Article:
Who Loses Their Job When Muni Fails? UPDATED

People in San Francisco like to complain about Muni. Even people from New York and Points Elsewhere like to complain about it and add in a nice dose of smug superiority too (aren’t they nice?). However, in all the complaining no one seems to question why poor decisions made in the past that affect them now came to be. Nor do they really understand that as the Municipal Railway was created for the benefit of the people of San Francisco, that they have a role in keeping it running for their benefit. It’s a quaint notion, yes. It is also the only thing left to owner/riders to keep their system from dying.


Think about it this way – who loses their job if Muni fails? Anyone? Now, mob rule of a transit agency isn’t practical – neither is mob rule of any sort. However in doing a quick review of elections, 1980-2015, I could not find one example of an elected official that has been kicked out of office because Muni’s failure rate was unacceptable to the public.

My friend Joe suggested that part of the reason Frank Jordan lost was due to the infamous “Muni Meltdown,” but that was just one of many, many reasons Mayor Jordan lost re-election. Plus he was replaced by the incompetent and corrupt “Willie Brown” who stuck us with those awful Breda LRVs, and with the Central Subway mess. (I could go on and on about “Willie Brown”‘s failures, but that’s for another post).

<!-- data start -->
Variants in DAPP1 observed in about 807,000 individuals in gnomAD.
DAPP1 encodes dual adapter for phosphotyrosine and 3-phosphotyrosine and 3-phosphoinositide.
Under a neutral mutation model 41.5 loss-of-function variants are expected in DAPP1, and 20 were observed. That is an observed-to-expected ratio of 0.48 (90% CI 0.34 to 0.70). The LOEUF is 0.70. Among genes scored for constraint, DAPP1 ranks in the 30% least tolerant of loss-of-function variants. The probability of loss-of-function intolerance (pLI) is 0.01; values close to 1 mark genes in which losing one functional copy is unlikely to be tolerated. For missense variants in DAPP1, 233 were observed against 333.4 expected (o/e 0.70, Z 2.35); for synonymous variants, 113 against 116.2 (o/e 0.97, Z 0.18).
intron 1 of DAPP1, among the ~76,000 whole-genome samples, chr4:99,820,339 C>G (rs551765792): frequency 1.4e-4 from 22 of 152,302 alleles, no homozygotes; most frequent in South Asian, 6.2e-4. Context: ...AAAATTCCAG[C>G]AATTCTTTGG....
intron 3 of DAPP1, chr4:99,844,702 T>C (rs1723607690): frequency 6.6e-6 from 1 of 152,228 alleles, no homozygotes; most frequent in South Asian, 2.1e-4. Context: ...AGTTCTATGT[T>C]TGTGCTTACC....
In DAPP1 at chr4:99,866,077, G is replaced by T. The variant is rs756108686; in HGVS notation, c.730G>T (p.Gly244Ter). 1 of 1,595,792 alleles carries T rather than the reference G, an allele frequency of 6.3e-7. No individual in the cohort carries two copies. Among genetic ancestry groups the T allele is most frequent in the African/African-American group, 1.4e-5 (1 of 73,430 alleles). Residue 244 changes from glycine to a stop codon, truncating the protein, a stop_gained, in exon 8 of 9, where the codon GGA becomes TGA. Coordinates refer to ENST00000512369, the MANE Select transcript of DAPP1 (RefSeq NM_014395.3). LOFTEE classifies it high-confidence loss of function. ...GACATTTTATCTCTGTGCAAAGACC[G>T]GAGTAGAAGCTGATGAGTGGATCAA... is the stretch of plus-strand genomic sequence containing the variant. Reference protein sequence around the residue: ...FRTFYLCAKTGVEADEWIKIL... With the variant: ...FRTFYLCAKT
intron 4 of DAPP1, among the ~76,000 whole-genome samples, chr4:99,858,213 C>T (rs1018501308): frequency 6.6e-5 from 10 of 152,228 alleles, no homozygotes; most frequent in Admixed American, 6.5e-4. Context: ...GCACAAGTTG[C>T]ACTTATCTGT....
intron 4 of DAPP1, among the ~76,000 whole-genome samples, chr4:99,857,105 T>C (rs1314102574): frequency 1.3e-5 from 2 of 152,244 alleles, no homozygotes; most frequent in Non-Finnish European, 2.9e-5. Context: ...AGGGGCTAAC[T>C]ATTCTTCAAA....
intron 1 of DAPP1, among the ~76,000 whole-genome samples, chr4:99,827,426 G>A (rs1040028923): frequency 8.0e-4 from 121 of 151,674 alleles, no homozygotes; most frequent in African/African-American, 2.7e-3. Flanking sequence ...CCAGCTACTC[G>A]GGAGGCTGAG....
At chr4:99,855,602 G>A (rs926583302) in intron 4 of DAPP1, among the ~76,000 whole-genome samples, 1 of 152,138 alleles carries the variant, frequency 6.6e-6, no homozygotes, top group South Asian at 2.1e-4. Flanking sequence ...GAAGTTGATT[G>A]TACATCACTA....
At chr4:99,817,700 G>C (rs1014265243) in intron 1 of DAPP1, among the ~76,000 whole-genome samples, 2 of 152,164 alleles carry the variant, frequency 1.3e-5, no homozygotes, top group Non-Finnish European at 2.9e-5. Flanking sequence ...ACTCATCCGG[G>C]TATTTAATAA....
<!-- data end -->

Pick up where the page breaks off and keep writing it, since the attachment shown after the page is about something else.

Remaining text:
Back to the main point: the fact is that San Francisco voters generally don’t spend much time staying informed on local elections (despite what smarty San Franciscans think). If they do pay attention, they tend to vote for people based primarily on who sends the MOST junk mail, and pay the most attention to what a piece of paper with the words “San Francisco Democratic Party” say, and vote accordingly without really thinking about it.

Harsh, I know. It’s also true. Sure there have been rare exceptions, but the San Francisco voter’s devotion to dead trees printed by a dying political party tend to decide who wins and loses. That devotion may make people feel good during Presidential election years, when people who usually couldn’t be bothered to vote in local elections might do so because they’re voting for Obama or Trump or whatever, but it also explains why we are where we are.

The San Francisco voter’s deference to incumbent politicians, essentially electing Supervisors to eight-year terms (gotta love term limits!) doesn’t help. Add it all up and it’s no wonder Muni can suck all it wants – there simply is no punishment for its failures, or rewards when it starts to do better.

Side note: yes, I know the Board of Supervisors doesn’t directly control Muni – but the board does approve the SF MTA budget, approve the Mayor’s appointments to said agency, and also serve as board members of the SF CTA (!), but in 2016, it’s the only thing on the ballot people can vote on that might have an impact. Since no one with any chance of winning ran against Mayor “Not Indicted At This Time” Ed Lee, he got a pass, even though he’s basically useless to anyone not in the advertising/tech/long con economy. (Again, I could go on, but that’s for another post).